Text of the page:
As I’m sure everyone saw from their social medias, campus stalls and news soundbites, on Wednesday it was World Mental Health Day. My Twitter, as usual, was flooded with people tweeting quotes and pretty calligraphy images saying, ‘It’s ok not to be ok’ or ‘check on your friends.’ My optimistic side was saying “ah this is great, sufferers, supporters and just everyday people are promoting openness and the breakdown of stigma.” However, my more cynical side thought, “oh well done, you’ve posted a tweet, do you actually stick to this every day, do you do any volunteering, any campaigning, or is this just for the retweets and a desire to appear progressive and superficially woke?”
Maybe I’m being too pessimistic, maybe it doesn’t matter how genuine these things are, at least they are being posted. At the same time, the inaction point I stand by. It is all well and good posting about caring, and how stigmas need to break down, and money needs to be invested, but unless you are actively trying to make change – I’m not saying you need to strap yourself to the London Eye or egg Theresa May – even if it’s just regularly checking on friends or raising some money for a charity – then I hate to say it, your tweet is as useful as a nine bob note.
Unsurprisingly, upon checking social media the next day, October 11th, I did not see a single thing about mental health. Nevertheless, there has been some things this week that have reduced my opinion that mental health is only on the minds of the nation for one day a year.
Let’s start with the big one, Theresa May announced at the first global ministerial mental health summit in London, that she has commissioned a minister for suicide. Source:https://www.thenational.ae/world/europe/britain-appoints-first-ever-minister-for-suicide-prevention-1.779142). She stated, “We can end the stigma that has forced too many to suffer in silence and prevent the tragedy of suicide taking too many lives.”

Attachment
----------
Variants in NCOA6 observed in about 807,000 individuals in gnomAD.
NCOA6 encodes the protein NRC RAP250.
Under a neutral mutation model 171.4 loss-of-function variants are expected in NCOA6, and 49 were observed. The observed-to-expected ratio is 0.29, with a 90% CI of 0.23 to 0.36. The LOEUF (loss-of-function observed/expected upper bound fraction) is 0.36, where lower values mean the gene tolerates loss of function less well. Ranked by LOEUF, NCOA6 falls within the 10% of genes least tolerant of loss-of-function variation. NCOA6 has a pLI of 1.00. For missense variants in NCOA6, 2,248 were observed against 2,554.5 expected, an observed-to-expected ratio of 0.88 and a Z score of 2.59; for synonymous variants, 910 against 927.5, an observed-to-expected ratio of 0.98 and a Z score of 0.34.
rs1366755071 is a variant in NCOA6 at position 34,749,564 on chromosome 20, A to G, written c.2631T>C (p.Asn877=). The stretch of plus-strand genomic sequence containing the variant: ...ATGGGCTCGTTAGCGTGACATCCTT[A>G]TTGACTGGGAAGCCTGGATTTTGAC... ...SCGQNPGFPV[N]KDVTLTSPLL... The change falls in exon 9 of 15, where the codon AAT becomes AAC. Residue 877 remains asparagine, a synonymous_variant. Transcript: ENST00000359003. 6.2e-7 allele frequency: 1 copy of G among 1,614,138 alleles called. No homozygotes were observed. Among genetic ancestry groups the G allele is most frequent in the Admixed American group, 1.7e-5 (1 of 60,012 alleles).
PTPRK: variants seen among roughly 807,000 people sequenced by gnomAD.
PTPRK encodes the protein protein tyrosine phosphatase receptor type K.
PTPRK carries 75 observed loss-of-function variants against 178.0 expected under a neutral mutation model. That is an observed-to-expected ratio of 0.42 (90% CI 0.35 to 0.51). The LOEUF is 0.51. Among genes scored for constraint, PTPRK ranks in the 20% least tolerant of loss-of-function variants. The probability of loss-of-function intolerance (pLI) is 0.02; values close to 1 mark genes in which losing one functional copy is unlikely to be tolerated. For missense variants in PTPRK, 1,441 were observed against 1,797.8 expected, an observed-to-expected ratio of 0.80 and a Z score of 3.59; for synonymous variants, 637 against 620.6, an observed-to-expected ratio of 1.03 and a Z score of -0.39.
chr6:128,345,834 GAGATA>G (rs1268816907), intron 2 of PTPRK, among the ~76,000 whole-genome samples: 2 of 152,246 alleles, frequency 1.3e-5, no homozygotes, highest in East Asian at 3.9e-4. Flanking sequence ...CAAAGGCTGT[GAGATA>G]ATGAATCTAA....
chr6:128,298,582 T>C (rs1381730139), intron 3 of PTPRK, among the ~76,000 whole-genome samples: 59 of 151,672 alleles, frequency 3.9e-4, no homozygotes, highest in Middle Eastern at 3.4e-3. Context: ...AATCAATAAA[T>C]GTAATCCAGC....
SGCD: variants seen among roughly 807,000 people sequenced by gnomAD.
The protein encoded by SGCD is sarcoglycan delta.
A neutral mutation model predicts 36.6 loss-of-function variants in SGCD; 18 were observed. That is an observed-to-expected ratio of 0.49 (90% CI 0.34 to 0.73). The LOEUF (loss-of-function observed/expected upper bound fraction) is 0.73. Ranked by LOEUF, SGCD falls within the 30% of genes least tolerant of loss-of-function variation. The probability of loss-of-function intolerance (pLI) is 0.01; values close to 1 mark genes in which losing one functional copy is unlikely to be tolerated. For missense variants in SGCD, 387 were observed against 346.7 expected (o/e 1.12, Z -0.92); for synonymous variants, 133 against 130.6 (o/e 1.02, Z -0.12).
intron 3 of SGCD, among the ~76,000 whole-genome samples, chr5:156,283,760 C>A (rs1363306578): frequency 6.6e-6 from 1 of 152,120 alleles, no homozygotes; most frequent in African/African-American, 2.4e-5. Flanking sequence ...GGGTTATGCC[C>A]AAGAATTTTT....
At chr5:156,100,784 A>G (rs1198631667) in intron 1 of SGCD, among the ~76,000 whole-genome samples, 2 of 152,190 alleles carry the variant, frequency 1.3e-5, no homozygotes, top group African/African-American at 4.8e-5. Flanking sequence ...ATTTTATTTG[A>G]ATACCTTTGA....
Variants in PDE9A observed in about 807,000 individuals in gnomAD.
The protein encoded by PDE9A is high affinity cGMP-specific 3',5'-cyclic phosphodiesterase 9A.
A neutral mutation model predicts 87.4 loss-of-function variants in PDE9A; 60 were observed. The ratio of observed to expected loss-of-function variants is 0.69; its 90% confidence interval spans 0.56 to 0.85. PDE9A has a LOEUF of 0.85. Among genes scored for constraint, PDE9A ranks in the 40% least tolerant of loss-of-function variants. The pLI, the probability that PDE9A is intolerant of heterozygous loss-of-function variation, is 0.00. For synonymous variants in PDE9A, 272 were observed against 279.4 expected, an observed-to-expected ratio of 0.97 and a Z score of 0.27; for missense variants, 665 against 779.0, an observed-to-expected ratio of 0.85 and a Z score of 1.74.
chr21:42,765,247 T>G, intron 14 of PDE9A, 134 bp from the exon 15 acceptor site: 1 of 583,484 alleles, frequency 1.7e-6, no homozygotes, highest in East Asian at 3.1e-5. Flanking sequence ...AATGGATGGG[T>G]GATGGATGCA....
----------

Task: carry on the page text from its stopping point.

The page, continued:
The woman at the helm? Jackie Doyle-Price, who has been an MP since 2010. Her role will entail establishing how technology can help identify those at risk, and ensuring that all local areas in England have effective plans to prevent unnecessary deaths. Source: https://www.huffingtonpost.co.uk/entry/doyle-price-beachy-head-comment_uk_5bbdcd28e4b028e1fe435963 .Upon her appointment she explained she understood the “tragic, devastating and long-lasting” effect of suicide on families, having met some of those bereaved, adding, “it’s these people who need to be at the heart of what we do.”
There are many who have praised the initiative. Louis Appleby, a Professor at Manchester University, said it will be “open doors” for conversations about the causes of suicide, and subsequently, how to tackle them. Moreover, Matt Hancock, Health Secretary, believes it will help garner support to place mental illness on par with services for physical health. Indeed, it is vital for there to be more conversations and actions, about and around, suicide and mental health. Roughly 4,500 people take their lives every year, making it is the biggest killer of men under 45 and young people aged 5-19, with rates for teenagers rising by 67% between 2010 and 2017.
As well establishing this ministerial position, Theresa May has promised more support in schools, bringing new Mental Health support teams in, and offering increased support for students’ mental wellbeing. Furthermore, she pledged a £1.8 million investment into the Samaritans, so that their services can remain free for the next four years. The charity’s CEO, Ruth Sutherland, thanked the government:
“We welcome the government’s announcement of funding towards Samaritans’ helpline, which will meet around 10 per cent of the total helpline costs for the next four years and help us to continue to provide our service free of charge.”
With these measures, combined with Mrs May’s introduction of a minister for loneliness, Tracy Crouch, in January, it could be concluded the government is moving in the right direction. And yet, there are gaps in the policy, with some, arguably rightly so, saying it is too little, too late. Source: https://www.standard.co.uk/news/politics/world-mental-health-day-suicide-minister-is-not-enough-says-matt-hancock-a3958401.html
Firstly, Matthew Hancock admitted that the new minister did not have a firm budget or target, and that she would have to fight for it while the NHS draws up a £20bn long-term plan in the coming months. Moreover, the CEO of Sane, a mental health charity, Marjorie Wallace, explained that overall service improvements under the Prime Minister have been lack lustre in the last two years, and that it was almost inappropriate we were holding the summit.
“While we applaud the intention [of the announcement], it is striking that the UK should be hosting such a summit when we hear daily about people left untreated due to a lack of nurses and doctors…The prime minister must examine our own mental health system before addressing other countries.”